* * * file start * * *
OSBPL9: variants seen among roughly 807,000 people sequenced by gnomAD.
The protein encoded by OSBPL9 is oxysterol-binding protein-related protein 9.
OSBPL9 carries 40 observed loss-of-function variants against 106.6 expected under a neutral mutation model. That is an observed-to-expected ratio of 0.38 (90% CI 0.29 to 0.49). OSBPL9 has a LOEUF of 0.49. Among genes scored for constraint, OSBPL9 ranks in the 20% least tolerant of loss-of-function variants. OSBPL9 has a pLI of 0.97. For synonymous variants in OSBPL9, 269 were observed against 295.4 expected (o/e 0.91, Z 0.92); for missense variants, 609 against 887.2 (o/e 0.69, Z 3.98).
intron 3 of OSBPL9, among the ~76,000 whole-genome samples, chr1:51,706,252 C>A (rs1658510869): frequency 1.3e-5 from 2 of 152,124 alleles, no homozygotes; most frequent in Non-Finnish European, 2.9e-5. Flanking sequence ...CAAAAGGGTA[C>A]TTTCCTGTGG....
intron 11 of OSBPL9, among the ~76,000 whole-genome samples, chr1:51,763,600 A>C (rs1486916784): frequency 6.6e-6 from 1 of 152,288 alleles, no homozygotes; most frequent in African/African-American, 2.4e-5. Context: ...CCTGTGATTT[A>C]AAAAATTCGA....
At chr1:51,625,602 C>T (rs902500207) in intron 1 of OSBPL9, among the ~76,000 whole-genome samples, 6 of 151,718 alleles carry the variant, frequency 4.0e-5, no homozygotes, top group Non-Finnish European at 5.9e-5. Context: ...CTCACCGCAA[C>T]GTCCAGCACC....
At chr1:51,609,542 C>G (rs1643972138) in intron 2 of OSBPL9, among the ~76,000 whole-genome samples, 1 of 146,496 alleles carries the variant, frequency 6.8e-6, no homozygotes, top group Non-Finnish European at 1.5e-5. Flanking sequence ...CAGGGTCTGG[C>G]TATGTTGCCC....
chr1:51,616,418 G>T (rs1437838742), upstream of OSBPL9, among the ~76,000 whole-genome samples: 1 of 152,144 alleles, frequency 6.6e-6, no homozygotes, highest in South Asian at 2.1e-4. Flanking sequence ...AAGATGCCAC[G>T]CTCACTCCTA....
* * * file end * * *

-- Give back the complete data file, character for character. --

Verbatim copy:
OSBPL9: variants seen among roughly 807,000 people sequenced by gnomAD.
The protein encoded by OSBPL9 is oxysterol-binding protein-related protein 9.
OSBPL9 carries 40 observed loss-of-function variants against 106.6 expected under a neutral mutation model. That is an observed-to-expected ratio of 0.38 (90% CI 0.29 to 0.49). OSBPL9 has a LOEUF of 0.49. Among genes scored for constraint, OSBPL9 ranks in the 20% least tolerant of loss-of-function variants. OSBPL9 has a pLI of 0.97. For synonymous variants in OSBPL9, 269 were observed against 295.4 expected (o/e 0.91, Z 0.92); for missense variants, 609 against 887.2 (o/e 0.69, Z 3.98).
intron 3 of OSBPL9, among the ~76,000 whole-genome samples, chr1:51,706,252 C>A (rs1658510869): frequency 1.3e-5 from 2 of 152,124 alleles, no homozygotes; most frequent in Non-Finnish European, 2.9e-5. Flanking sequence ...CAAAAGGGTA[C>A]TTTCCTGTGG....
intron 11 of OSBPL9, among the ~76,000 whole-genome samples, chr1:51,763,600 A>C (rs1486916784): frequency 6.6e-6 from 1 of 152,288 alleles, no homozygotes; most frequent in African/African-American, 2.4e-5. Context: ...CCTGTGATTT[A>C]AAAAATTCGA....
At chr1:51,625,602 C>T (rs902500207) in intron 1 of OSBPL9, among the ~76,000 whole-genome samples, 6 of 151,718 alleles carry the variant, frequency 4.0e-5, no homozygotes, top group Non-Finnish European at 5.9e-5. Context: ...CTCACCGCAA[C>T]GTCCAGCACC....
At chr1:51,609,542 C>G (rs1643972138) in intron 2 of OSBPL9, among the ~76,000 whole-genome samples, 1 of 146,496 alleles carries the variant, frequency 6.8e-6, no homozygotes, top group Non-Finnish European at 1.5e-5. Flanking sequence ...CAGGGTCTGG[C>G]TATGTTGCCC....
chr1:51,616,418 G>T (rs1437838742), upstream of OSBPL9, among the ~76,000 whole-genome samples: 1 of 152,144 alleles, frequency 6.6e-6, no homozygotes, highest in South Asian at 2.1e-4. Flanking sequence ...AAGATGCCAC[G>T]CTCACTCCTA....